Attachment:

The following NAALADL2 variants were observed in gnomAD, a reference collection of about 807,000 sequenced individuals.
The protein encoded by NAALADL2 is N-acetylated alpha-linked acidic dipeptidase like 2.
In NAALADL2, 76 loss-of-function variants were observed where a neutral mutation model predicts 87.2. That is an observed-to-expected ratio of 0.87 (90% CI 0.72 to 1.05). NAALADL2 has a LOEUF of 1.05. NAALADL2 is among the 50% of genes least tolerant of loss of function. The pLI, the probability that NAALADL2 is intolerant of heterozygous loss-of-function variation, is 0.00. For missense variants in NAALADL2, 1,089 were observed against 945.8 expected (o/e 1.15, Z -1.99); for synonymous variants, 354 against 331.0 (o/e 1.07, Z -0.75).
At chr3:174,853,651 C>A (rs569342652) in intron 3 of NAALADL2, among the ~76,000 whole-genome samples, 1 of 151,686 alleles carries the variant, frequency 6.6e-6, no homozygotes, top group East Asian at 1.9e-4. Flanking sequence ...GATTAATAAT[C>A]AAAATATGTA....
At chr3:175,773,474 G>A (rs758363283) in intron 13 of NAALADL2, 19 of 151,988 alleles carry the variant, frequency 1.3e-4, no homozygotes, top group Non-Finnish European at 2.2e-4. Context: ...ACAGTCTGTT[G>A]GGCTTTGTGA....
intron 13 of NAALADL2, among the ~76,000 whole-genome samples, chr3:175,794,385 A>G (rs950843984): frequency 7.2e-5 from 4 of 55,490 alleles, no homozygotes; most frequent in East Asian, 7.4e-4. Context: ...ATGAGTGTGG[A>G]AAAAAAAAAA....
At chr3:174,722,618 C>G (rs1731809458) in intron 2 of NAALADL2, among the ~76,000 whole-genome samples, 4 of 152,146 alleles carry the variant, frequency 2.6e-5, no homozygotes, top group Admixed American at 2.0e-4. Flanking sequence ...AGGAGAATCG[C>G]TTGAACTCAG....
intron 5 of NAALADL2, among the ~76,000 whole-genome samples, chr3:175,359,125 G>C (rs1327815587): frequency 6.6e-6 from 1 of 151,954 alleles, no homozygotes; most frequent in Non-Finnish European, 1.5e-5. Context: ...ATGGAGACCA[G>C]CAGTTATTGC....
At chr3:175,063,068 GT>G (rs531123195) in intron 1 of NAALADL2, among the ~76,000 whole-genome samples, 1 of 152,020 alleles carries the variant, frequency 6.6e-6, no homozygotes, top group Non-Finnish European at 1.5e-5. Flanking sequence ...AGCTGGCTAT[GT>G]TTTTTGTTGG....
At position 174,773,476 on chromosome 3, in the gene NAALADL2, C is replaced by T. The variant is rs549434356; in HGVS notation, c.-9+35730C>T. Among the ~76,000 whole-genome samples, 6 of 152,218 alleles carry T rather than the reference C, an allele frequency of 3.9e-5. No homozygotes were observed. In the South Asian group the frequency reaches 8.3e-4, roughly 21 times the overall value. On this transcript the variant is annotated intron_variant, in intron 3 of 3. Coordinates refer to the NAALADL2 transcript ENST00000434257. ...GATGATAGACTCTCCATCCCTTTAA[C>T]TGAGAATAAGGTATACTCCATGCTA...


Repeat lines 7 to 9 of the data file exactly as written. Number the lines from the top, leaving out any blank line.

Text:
At chr3:174,722,618 C>G (rs1731809458) in intron 2 of NAALADL2, among the ~76,000 whole-genome samples, 4 of 152,146 alleles carry the variant, frequency 2.6e-5, no homozygotes, top group Admixed American at 2.0e-4. Flanking sequence ...AGGAGAATCG[C>G]TTGAACTCAG....
intron 5 of NAALADL2, among the ~76,000 whole-genome samples, chr3:175,359,125 G>C (rs1327815587): frequency 6.6e-6 from 1 of 151,954 alleles, no homozygotes; most frequent in Non-Finnish European, 1.5e-5. Context: ...ATGGAGACCA[G>C]CAGTTATTGC....
At chr3:175,063,068 GT>G (rs531123195) in intron 1 of NAALADL2, among the ~76,000 whole-genome samples, 1 of 152,020 alleles carries the variant, frequency 6.6e-6, no homozygotes, top group Non-Finnish European at 1.5e-5. Flanking sequence ...AGCTGGCTAT[GT>G]TTTTTGTTGG....